The new comedy The Intern features a seemingly outlandish premise: a 70-year-old retiree decides to start a new career and becomes the intern to the head of a hip online fashion magazine. Robert De Niro plays the intern while Anne Hathaway plays his boss, and the two of them navigate their way through today's modern office culture of sloppily dressed, social media-perusing millennials (at least that's the office culture in most movies, anyway). The situation is mostly played for laughs, albeit with a healthy dose of heartwarming life lessons tossed in, but how realistic is it? Can senior citizens actually be interns in corporate America?
In short, yes they can, but it's rare. Back in the latter half of President Clinton's second term in office, the United States Senate offered a Senior Citizen Internship Program, wherein anyone over 60 years old had the chance to work as a staffer under a U.S. Senator for two weeks. And while it doesn't look like the program still exists (sorry, De Niro), it may have inspired the types of internships available today. For instance, a lot of older adults are looking to change careers and finding that an internship is a sometimes necessary step in achieving that goal.
Deborah Mitchell, CEO and founder of Deborah Mitchell Media Associates, writes in Entrepreneur that when she desired a change in her career after 25 years in the television industry, she used an internship as a way to rebrand herself and quickly learn new skills, without having to invest the time and money into a new education. Companies, too, are now often looking beyond the typical college intern in an effort to bring in the best talent they can. The Guardian cites British ad agency BMB, who described 20 percent of their interns in 2012 as "mature."
A big reason stateside for the uptick in older interns was the economic downturn of 2008, which left a lot of Americans out of work and looking for fresh starts. Of the five million new jobs created in the U.S. between 2009 and 2013, a whopping 80 percent of them went to workers age 55 and over, and a number of them got into their new positions via (often unpaid) internships. It's gotten to the point where it can be argued that older Americans, staying in the workforce longer than in years past, are offering serious competition to recent college graduates when it comes to lower tier positions and internships.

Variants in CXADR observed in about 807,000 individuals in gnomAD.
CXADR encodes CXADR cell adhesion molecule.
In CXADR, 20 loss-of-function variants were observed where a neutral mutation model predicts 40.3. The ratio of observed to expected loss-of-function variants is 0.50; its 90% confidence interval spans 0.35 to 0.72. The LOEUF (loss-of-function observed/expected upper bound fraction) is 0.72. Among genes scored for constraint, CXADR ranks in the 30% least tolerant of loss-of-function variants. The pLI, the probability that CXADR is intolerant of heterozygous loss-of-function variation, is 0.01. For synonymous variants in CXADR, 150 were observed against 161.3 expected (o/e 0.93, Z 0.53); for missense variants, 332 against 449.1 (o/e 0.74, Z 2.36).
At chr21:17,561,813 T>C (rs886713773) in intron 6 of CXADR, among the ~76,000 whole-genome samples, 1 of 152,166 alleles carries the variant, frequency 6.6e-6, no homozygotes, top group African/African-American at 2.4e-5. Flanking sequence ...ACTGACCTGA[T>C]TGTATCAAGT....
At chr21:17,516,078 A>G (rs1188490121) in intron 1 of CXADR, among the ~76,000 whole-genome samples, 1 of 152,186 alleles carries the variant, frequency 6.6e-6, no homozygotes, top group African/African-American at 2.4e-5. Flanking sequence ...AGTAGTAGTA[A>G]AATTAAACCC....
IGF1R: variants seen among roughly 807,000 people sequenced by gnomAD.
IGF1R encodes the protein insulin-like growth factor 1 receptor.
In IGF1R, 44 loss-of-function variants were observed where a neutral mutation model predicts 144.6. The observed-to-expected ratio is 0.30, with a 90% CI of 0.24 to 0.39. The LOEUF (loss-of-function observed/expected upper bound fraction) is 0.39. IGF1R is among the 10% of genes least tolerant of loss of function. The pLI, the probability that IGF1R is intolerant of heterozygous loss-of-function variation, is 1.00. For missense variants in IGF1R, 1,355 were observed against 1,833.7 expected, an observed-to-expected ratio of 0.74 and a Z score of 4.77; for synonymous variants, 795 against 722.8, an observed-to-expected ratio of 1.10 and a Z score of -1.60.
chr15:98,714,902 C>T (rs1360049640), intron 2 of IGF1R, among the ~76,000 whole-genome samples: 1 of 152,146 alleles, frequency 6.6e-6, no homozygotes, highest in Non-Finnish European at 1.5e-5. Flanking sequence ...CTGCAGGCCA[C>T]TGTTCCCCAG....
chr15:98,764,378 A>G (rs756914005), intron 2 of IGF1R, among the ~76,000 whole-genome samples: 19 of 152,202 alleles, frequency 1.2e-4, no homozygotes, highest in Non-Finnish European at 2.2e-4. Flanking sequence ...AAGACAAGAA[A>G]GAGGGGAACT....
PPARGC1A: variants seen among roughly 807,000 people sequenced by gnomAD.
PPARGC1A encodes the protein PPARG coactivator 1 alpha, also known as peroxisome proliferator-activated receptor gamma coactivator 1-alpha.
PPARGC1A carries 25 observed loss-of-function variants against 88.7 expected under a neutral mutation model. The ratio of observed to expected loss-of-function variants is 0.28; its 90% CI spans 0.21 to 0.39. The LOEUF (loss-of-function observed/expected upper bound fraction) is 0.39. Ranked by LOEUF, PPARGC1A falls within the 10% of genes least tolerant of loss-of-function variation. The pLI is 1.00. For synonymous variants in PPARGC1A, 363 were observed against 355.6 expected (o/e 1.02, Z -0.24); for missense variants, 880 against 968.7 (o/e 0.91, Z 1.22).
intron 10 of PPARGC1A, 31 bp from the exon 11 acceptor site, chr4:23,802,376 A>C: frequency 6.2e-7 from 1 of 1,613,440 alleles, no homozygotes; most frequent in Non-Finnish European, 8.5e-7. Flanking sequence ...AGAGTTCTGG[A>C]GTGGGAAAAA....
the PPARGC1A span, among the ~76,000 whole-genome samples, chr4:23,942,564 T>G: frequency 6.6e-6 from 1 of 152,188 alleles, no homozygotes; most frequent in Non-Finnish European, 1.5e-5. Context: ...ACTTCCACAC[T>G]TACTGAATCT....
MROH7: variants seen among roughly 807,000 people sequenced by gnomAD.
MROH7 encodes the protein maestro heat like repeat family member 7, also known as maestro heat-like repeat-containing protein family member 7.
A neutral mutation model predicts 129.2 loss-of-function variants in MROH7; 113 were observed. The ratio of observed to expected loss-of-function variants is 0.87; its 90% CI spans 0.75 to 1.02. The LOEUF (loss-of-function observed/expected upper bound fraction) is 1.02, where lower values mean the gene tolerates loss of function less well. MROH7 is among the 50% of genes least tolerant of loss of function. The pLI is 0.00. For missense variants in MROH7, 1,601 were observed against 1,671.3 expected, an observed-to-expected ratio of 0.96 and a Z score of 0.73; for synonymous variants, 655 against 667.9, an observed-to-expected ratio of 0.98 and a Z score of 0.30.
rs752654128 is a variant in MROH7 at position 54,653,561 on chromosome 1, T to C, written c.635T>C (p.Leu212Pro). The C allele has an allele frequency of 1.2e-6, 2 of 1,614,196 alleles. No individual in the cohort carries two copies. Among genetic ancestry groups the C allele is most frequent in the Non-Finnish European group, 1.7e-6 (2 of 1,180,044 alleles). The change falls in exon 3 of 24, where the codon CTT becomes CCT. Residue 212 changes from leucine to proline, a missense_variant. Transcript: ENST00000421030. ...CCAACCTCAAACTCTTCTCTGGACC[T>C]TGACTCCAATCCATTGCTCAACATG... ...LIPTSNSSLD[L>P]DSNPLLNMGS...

And while interns in their 40s and 50s are one thing, what about interns in their 70s, like De Niro? Well, I know of at least one... sort of. 71-year-old advertising veteran Doug McKinlay interned at The Richards Group in 2013, claiming that he was most likely the world's oldest intern during that time. But McKinlay's internship was largely an experiment to see if what he was teaching as an advertising professor was still relevant in today's business culture; in other words, he was not looking to start a new career as many older interns are.
Basically, the reality is this: As long as an internship doesn't offer any kind of age restriction or college requirement, you can apply regardless of how old you are. A lot of companies still prefer to go with more traditional, 21-year-old interns, but more and more are accepting older people as a viable alternative. Especially if they happen to be Robert De Niro.
Images: Warner Bros. Pictures; Giphy